We looked carefully at the animal patterns and made pictures of them. We described the patterns. (Adam) "My pattern is a zebra pattern. It goes black, white, black, white, black, white." (Finlay) "My pattern is the Tiger. A tiger is really scary and fierce. The pattern is orange, black, orange, black, orange, black." (Albie) "I am making the cheetah. He has browny blacky, spots that make that shape." (Albie points to the horseshoe shape pattern.) (Kaida) "I am making a cheetah too. The pattern is orange and black, with circle shapes." (Charlie) "I am doing the zebra, he has really big brown circles on his pattern."
Next we made African Animals. We looked carefully at photographs of animals and decided which shapes were best to use to make the animals out of junk. We choose the best boxes to match the shapes of the animals in the photographs. We selected the resources to stick the boxes together and used tools like glues spreaders, scissors and sellotape to build the model. We even made improvements to our model to make it even better. We asked for help too; if we needed it, especially to have help holding our models whilst we stuck them together.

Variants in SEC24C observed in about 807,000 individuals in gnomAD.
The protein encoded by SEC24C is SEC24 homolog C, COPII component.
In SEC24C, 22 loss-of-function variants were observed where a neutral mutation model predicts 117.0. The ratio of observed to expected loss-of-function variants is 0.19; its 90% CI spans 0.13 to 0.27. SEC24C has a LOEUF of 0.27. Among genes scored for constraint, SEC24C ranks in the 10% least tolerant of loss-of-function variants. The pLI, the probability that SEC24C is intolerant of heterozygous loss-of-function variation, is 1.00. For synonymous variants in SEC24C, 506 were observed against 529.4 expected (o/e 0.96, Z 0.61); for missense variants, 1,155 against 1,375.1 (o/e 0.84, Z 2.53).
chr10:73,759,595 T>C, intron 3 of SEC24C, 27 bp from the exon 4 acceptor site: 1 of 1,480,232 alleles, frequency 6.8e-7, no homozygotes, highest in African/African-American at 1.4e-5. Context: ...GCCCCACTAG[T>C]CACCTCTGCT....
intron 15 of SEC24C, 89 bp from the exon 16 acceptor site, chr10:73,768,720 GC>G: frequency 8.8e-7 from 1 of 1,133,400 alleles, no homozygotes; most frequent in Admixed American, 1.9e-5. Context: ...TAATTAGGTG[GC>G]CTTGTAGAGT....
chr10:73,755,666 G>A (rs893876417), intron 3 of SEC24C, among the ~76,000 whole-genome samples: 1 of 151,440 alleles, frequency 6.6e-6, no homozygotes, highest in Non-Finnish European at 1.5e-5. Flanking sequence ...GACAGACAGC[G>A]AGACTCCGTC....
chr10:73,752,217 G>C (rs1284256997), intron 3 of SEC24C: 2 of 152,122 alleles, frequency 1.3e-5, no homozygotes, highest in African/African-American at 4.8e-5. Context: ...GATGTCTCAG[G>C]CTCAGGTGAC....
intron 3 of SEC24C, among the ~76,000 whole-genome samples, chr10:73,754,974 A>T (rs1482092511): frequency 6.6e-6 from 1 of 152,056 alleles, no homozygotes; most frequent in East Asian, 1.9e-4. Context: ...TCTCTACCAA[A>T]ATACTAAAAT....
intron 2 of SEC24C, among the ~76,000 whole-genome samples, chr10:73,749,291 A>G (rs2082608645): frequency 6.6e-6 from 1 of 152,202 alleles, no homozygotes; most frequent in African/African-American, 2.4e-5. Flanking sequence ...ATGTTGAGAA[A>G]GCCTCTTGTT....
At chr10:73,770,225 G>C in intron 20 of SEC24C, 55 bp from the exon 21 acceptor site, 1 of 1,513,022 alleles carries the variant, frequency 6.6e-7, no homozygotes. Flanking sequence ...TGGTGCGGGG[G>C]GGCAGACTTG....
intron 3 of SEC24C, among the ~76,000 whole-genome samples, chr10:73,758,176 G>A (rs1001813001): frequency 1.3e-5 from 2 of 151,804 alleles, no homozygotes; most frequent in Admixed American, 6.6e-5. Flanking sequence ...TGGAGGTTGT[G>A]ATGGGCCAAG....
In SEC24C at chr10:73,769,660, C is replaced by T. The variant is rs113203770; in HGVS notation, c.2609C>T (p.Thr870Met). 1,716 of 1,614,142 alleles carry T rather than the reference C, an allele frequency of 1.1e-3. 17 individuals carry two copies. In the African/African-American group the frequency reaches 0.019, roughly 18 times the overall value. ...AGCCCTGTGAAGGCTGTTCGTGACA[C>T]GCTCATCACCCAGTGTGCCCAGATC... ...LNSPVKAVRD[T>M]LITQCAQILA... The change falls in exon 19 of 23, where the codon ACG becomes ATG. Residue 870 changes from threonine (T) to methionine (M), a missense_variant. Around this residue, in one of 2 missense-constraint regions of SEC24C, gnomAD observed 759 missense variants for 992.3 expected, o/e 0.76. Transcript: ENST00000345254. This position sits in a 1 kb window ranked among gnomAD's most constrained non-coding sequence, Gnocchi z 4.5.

We also had lots of fun pretending to be explorers in our African Savannah role-play areas. For example, Finley and Lewis enjoyed chatting together as they play and pretend. (Lewis) "I can see a leopard, they leap and they can run really fast." (Finley) "My leopard can run fast too. He eats meat with his teeth. They are sharp!" We had fun in our role-play areas and learnt more about the animals from fact books.
We learnt the story of the 'Tall, Tall, Grass' and we used this story to make our own African Savannah animal stories.
As we looked in fact books we found out about penguin that live in Africa.
Here is an African penguin. Can you and your child find out more about this penguin at home and write some facts. Children don't forget to count the words in the sentence and use the sounds you know to write the words.
Finally, we answered our question, 'Yes! Penguins do live in hot countries!'
Now we can compare and contrast hot and cold places; look carefully at the natural world and use our observations as a stimulus for art, design and music. We can combine materials and use tools carefully. We can explore instruments and change their sounds to make effects.